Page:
Next in our series of guest posts from Concern Worldwide, Zambia Country Director Rakesh Katal shares some experiences of Concern's work in Zambia.
Our organization works in the remotest areas of Zambia where the terrain can be rough and reaching program participants means crossing rivers, wetlands and vast swathes of sandy territory. In some cases, apart from the lower level government structures, Concern is the only development organization addressing the needs of the community.
Doing this is both a challenge and a delight. A challenge because the needs of the people, arising from the high levels of poverty, obviously overwhelm our human and financial capacity; but a delight because we are glad to be at the service of the people who desperately need development to change their way of life.
It brings us joy when a farmer tells of how his household food security and income has improved; how a person living with HIV has been empowered with information and a means of livelihood and is now able to live a healthy and productive life; how a community has been capacitated to deal with disasters, and generally how people now see themselves as participants in development, rather than passive onlookers of it – all because of Concern’s interventions.
We may not provide everything to a community, but just the fact that we have helped set the people on a path of development is a wise first step which we think is a long-lasting effort. We work with the people and for the people.
Our partnership with local organizations gives us a grassroots reach critical to understanding the priority needs of the people. Empowering communities to identify challenges and propose solutions has taught us that people have the innate ability to take stock of their situation and chart their destiny, if provided with only a little boost. Concern may not be in one community forever, but the seeds of hope we are planting will in future bear the testimony of our efforts.
We may not have the money to undertake all the programs we could envisage, but I have read and heard that a good name is better than riches. I can proudly say our good name has earned us respect and recognition in the communities where we work, among our peer agencies and the government.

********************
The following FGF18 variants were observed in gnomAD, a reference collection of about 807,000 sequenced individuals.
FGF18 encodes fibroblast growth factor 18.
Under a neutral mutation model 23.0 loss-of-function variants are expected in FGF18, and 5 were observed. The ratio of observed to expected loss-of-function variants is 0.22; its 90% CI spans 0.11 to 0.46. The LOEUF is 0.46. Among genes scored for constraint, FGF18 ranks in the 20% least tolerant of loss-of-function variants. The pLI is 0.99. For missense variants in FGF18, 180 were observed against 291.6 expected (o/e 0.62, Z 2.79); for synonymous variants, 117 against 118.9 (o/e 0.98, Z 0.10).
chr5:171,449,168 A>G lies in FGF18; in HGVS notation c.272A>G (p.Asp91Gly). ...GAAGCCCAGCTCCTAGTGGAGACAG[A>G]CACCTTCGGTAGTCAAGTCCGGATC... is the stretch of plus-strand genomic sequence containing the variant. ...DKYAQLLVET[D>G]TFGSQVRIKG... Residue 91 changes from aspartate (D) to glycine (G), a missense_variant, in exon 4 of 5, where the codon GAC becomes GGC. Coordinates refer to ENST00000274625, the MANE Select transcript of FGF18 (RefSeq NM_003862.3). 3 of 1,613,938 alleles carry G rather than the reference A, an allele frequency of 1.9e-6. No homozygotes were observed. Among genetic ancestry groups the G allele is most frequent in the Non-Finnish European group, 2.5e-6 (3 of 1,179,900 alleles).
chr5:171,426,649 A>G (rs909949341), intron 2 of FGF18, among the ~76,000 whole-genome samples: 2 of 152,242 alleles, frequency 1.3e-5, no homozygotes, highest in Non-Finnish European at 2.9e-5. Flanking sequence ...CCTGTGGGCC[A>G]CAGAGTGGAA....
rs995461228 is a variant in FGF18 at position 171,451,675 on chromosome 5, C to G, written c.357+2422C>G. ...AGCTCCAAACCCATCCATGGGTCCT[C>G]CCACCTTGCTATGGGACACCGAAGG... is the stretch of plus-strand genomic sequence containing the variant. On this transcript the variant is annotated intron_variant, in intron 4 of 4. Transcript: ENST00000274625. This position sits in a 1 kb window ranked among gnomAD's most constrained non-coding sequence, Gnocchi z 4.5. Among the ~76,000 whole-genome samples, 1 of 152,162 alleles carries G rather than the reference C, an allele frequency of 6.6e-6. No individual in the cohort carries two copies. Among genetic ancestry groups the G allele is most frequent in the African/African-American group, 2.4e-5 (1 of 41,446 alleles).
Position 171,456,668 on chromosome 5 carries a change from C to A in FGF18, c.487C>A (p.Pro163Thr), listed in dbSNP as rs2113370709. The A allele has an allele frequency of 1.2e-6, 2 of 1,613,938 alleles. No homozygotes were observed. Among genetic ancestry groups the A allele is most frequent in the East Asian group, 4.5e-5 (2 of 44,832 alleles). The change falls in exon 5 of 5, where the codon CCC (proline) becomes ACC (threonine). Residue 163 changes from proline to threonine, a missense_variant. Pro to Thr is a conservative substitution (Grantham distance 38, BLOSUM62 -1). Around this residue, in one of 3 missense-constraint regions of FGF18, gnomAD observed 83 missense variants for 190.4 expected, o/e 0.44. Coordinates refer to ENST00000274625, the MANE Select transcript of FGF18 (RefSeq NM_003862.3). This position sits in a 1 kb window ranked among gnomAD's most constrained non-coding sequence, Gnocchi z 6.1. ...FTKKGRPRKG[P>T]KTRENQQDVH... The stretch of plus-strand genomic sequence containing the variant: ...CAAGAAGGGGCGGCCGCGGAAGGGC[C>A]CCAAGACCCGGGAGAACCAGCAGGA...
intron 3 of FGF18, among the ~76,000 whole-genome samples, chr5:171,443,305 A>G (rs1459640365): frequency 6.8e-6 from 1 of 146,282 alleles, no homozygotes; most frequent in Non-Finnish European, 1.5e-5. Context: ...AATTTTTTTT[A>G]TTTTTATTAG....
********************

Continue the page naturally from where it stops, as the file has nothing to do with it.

Our communities respect us because we tell them that we will not provide them with an illusory comfort by pouring money into their communities (which we don’t have, anyway), but we will assist them in leaping to their own development by offering them a springboard – and that springboard is working together with them to address the challenges we identify together.
We endeavour to do more for our people, but we are alive to the fact that our resources are never enough to enable us to reach all in need. We are also aware that we operate in a crowded space where competition for resources is huge and this means continuous improvement of the quality of our work to attract those with the means to help us.
All the challenges notwithstanding, we have continued to empower the communities and we are glad that the little we are doing is helping the thousands of our people, who are our concern as Concern.
Confronting HIV&AIDS, creating advocates of change
HIV and AIDS is one of the biggest challenges Zambia faces. With 14.3% of the country’s estimated 12 million living with HIV, the problem has created far-reaching social and economic consequences. Western Province, where Concern operates, is hard-hit and nowhere would the intervention have been more relevant than this area where the prevalence rate has recently risen from 13% to 15.2% in the past year, high above the national average. Concern’s program involves supporting people living with HIV and spreading prevention messages.
Charles Ngandu, 49, is one of the beneficiaries of the program. As part of the program activities, Concern and its partner, Development Aid from People to People (DAPP), conducted training on positive living in one of the areas of Mongu, the provincial capital. Now equipped with new skills in a variety of subjects such as the basic facts on HIV and TB, the importance of good nutrition, treatment and adherence, care and support, and hygiene, Ngandu went back to his community to spread the word.
His passion and skills have also been recognized by the local health centre in his area where he is invited to deliver HIV lessons to mothers that attend antenatal sessions.
“I am passionate to teach so that we do not lose lives. I am happy that I was trained in positive living,” says Ngandu.
Speaking publicly in his community about his HIV status and the benefits of knowing one’s HIV status, Ngandu is an advocate of change, thanks to the support from Concern.
It is such stories that give us the impetus to work one more day every day to reach those we can and help shape their destiny.